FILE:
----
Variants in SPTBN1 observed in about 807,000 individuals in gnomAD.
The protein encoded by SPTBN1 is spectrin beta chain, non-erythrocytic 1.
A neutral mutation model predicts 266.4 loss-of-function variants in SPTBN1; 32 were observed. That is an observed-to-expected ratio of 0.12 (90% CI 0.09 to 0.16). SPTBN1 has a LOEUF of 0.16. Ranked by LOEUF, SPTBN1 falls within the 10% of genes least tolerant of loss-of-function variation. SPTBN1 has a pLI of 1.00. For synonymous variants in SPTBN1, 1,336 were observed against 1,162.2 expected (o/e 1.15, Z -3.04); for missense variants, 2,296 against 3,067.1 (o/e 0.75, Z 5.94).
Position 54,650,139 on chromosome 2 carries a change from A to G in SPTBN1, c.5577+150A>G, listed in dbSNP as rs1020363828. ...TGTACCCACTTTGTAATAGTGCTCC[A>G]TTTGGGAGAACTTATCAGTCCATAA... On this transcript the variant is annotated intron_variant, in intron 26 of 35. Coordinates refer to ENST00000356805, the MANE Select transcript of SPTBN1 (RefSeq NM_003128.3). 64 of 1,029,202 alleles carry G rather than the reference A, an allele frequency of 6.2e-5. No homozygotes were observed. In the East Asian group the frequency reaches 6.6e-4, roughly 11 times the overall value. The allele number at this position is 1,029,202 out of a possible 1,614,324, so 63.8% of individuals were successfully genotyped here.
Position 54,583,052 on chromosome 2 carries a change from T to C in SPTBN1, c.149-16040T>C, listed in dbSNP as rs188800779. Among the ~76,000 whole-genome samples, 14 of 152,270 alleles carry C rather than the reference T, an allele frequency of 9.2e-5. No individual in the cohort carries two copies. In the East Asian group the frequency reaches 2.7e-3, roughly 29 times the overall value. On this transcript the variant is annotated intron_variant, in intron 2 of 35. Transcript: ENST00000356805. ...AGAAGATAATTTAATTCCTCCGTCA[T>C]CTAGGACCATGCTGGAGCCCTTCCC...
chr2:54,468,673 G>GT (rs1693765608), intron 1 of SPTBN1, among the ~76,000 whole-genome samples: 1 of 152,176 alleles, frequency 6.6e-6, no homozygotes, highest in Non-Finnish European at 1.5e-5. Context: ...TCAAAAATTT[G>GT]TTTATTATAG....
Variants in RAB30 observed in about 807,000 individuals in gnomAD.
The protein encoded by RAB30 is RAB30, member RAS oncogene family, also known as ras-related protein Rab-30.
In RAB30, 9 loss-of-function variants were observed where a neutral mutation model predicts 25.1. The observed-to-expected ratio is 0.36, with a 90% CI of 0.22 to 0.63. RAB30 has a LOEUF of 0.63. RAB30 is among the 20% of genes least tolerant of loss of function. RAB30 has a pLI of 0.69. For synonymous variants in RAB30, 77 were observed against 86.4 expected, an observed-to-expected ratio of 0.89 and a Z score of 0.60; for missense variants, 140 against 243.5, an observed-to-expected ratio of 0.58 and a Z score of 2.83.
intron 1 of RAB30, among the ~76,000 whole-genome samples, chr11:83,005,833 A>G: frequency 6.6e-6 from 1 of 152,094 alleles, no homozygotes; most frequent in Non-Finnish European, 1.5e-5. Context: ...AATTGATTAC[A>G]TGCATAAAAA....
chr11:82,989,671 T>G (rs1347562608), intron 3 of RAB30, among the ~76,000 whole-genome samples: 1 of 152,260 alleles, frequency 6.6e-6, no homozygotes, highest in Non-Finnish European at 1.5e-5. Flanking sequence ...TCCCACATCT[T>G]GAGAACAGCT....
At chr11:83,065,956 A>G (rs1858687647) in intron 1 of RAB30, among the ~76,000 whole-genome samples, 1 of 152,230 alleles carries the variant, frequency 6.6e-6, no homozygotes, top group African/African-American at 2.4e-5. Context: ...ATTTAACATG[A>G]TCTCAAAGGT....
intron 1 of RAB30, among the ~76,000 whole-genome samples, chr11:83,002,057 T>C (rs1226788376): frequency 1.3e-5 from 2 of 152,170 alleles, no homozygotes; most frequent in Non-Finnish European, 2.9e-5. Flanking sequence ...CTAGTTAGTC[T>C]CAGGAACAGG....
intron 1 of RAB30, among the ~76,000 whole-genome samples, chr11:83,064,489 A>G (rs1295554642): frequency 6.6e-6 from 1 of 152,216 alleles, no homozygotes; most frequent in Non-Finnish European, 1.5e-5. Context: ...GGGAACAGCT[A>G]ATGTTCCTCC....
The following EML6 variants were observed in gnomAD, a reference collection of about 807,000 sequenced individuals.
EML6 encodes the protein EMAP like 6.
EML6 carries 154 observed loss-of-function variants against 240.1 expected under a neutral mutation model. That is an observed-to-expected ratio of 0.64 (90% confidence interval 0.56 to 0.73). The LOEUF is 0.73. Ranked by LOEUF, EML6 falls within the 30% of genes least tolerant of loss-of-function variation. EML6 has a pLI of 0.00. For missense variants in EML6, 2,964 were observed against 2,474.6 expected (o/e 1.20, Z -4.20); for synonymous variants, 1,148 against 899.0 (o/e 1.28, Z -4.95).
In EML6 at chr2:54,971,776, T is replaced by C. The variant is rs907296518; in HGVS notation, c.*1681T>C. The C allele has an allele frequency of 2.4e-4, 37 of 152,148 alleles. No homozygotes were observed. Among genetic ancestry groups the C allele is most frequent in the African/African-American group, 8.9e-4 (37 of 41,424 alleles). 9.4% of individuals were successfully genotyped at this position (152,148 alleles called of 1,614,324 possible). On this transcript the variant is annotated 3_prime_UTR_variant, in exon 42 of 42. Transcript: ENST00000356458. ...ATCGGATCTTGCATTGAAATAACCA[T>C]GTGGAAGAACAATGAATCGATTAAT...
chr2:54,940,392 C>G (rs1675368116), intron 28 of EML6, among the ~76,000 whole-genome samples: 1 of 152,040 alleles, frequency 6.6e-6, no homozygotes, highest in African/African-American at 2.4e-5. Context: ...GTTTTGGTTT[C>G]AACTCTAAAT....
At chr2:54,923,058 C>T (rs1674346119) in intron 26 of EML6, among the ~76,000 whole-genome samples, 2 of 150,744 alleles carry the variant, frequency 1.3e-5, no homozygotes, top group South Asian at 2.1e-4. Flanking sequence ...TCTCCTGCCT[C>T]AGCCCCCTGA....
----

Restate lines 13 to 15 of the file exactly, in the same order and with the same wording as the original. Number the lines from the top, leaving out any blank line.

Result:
intron 1 of RAB30, among the ~76,000 whole-genome samples, chr11:83,002,057 T>C (rs1226788376): frequency 1.3e-5 from 2 of 152,170 alleles, no homozygotes; most frequent in Non-Finnish European, 2.9e-5. Flanking sequence ...CTAGTTAGTC[T>C]CAGGAACAGG....
intron 1 of RAB30, among the ~76,000 whole-genome samples, chr11:83,064,489 A>G (rs1295554642): frequency 6.6e-6 from 1 of 152,216 alleles, no homozygotes; most frequent in Non-Finnish European, 1.5e-5. Context: ...GGGAACAGCT[A>G]ATGTTCCTCC....
The following EML6 variants were observed in gnomAD, a reference collection of about 807,000 sequenced individuals.